There is an evolving literature that is proving something that mental health professionals have known for years, that mental health has a huge effect on our physical well-being. Untreated mental illness will lead to poorer outcomes, even early death, in many common medical illnesses such as diabetes, heart disease and cancer. Further, the presence of these medical illnesses may also predispose for mood disorder. Over the course of this 90 minute workshop we will by didactic and case based learning, explore this two way “mind-body connection”, the evidence behind this connection and finally discuss ways that we can help our patients obtain healthier and more satisfying lives by helping to improve their mood.
Understand the inter-connectedness between psychological disease and physical disease.
Review historical perspectives of Western and Eastern medicine as well as the recent movement toward incorporating the Mind-Body Connection (MBC) in the treatment of medical conditions.
Understand psychosomatic medicine as a subspecialty of psychiatry and the interaction of biological, psychological and social factors in human health and disease.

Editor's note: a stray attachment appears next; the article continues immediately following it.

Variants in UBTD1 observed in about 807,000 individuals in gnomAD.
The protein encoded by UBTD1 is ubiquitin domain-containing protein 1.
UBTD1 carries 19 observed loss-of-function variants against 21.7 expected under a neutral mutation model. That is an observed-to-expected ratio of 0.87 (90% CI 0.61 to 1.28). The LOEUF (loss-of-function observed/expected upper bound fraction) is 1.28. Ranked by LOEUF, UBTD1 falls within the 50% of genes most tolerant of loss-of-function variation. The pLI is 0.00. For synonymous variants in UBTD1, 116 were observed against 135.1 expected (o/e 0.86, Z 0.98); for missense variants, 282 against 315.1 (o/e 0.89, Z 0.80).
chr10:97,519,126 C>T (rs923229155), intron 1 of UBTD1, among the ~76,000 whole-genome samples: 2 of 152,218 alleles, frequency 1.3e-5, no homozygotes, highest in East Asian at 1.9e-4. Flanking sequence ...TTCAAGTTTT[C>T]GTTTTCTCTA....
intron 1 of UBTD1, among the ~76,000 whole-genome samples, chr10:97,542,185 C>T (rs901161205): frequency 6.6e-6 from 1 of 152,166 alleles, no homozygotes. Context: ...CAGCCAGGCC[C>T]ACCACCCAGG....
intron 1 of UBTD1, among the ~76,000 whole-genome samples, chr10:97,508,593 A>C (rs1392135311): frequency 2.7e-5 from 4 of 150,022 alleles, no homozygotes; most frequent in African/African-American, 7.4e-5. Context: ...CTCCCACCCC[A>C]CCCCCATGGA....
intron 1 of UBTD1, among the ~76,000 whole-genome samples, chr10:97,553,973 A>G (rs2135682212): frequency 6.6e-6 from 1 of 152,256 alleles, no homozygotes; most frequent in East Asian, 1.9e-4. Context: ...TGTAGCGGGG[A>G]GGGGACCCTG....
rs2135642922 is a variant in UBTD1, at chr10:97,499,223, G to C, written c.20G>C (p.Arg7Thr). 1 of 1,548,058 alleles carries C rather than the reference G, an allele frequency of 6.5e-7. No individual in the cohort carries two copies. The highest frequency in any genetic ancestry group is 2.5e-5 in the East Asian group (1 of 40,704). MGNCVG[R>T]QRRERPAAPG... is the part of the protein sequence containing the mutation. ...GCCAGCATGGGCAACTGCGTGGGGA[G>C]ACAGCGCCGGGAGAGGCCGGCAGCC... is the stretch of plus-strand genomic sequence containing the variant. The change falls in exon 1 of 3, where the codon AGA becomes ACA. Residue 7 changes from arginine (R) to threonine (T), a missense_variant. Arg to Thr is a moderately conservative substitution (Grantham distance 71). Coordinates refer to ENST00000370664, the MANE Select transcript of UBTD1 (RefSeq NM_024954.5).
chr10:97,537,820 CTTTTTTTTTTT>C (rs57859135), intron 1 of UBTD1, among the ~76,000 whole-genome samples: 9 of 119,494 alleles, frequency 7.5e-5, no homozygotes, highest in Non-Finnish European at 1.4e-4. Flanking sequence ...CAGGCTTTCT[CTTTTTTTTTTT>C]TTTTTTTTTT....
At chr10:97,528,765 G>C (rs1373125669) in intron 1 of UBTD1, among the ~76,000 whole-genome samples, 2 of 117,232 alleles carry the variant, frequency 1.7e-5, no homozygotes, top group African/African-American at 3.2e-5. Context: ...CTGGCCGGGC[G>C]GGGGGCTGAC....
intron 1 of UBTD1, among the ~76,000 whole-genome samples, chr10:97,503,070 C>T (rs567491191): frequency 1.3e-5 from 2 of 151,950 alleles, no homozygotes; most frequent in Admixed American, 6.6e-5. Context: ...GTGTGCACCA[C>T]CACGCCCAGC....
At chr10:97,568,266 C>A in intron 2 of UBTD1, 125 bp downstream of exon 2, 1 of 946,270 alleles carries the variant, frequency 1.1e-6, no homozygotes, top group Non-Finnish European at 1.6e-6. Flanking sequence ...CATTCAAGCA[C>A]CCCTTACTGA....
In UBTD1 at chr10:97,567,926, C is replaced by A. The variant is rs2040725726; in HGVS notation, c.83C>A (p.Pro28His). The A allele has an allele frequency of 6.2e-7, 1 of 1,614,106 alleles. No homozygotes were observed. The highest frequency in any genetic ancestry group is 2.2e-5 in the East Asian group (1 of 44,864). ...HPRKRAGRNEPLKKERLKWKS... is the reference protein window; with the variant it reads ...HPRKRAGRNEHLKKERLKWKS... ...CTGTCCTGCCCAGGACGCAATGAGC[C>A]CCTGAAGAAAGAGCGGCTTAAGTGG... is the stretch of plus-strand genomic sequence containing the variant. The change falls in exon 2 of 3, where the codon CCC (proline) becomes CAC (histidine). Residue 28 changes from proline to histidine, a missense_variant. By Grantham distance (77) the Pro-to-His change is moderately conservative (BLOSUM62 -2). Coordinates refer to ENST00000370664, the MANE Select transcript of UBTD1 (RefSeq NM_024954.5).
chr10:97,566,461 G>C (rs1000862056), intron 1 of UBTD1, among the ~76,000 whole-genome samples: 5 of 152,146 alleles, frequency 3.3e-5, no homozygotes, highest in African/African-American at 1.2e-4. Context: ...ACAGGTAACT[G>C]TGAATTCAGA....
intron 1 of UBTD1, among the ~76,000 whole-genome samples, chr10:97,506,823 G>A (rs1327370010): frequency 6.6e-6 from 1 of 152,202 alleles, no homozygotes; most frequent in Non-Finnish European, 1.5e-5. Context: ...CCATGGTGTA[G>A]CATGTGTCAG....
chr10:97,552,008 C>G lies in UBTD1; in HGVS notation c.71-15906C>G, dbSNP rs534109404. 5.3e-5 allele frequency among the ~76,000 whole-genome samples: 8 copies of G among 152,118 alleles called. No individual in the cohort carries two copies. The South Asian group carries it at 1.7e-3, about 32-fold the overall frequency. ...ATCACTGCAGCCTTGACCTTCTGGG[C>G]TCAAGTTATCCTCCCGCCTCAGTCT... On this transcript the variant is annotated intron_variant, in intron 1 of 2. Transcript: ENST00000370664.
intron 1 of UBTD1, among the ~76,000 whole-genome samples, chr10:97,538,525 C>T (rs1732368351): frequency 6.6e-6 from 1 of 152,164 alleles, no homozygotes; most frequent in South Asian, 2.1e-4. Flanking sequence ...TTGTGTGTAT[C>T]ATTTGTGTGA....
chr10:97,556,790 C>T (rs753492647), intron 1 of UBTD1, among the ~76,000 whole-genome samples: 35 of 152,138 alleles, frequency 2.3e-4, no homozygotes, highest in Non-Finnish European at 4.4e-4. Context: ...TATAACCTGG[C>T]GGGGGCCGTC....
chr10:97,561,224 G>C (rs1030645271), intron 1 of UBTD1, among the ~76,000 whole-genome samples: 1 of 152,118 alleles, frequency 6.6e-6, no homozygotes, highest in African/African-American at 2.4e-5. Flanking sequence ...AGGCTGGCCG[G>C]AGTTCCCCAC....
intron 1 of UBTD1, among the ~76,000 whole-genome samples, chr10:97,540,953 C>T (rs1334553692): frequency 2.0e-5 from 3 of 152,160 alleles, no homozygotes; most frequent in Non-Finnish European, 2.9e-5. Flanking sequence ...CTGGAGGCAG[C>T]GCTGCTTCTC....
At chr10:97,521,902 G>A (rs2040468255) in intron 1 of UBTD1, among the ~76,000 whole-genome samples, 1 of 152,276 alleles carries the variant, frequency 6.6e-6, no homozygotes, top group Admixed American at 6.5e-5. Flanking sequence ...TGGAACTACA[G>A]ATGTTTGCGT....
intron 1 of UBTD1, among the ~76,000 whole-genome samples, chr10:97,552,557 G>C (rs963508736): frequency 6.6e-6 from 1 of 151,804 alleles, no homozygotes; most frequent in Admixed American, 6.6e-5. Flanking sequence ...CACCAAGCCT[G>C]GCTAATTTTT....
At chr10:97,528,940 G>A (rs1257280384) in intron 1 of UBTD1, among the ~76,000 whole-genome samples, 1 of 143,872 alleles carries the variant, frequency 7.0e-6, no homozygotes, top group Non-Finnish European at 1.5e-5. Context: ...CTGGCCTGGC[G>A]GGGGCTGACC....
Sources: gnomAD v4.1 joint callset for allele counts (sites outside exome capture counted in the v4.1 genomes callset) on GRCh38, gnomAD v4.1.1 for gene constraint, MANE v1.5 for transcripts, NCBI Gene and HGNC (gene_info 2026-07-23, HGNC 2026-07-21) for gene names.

Understand the importance of treating depression in patients with chronic medical illness and the consequences of not providing adequate diagnosis and treatment for these patient.
Understand the relationship between depression and cancer; depression and coronary artery disease; depression and diabetes; and depression and HIV, and review recent studies of the Mind-Body Connection in medical illness.
Review case files which demonstrate how the Mind-Body connection is applied in individual cases, and how treatment of psychological illness can improve outcomes in medical illness.
Jerry Halverson, MD
Jerry Halverson, MD, is a psychiatrist with certification in Psychosomatic Medicine. He is Medical Director of Adult Services at Rogers Memorial Hospital in Oconomowoc. He is Clinical Assistant Professor of Psychiatry at both the UW School of Medicine and Public Health and the Medical College of Wisconsin. He manages the gamut of psychiatric illness at Rogers, from residential, to partial hospital, to acute inpatient care. He is responsible for assuring that high quality, evidence based treatment is delivered to every patient. He is interested in the relationships between medical and psychological illnesses as well as integrating technology into care processes. He has lectured internationally on these, and other topics such as mood disorders, somatic interventions for psychiatric disorders and suicide risk assessment. He was recently honored for his leadership and advocacy by the Wisconsin Alumni Association with a “Forward Under 40” award and was given Early Career Leadership Awards by both the American Medical Association Foundation and the Wisconsin Medical Society Foundation.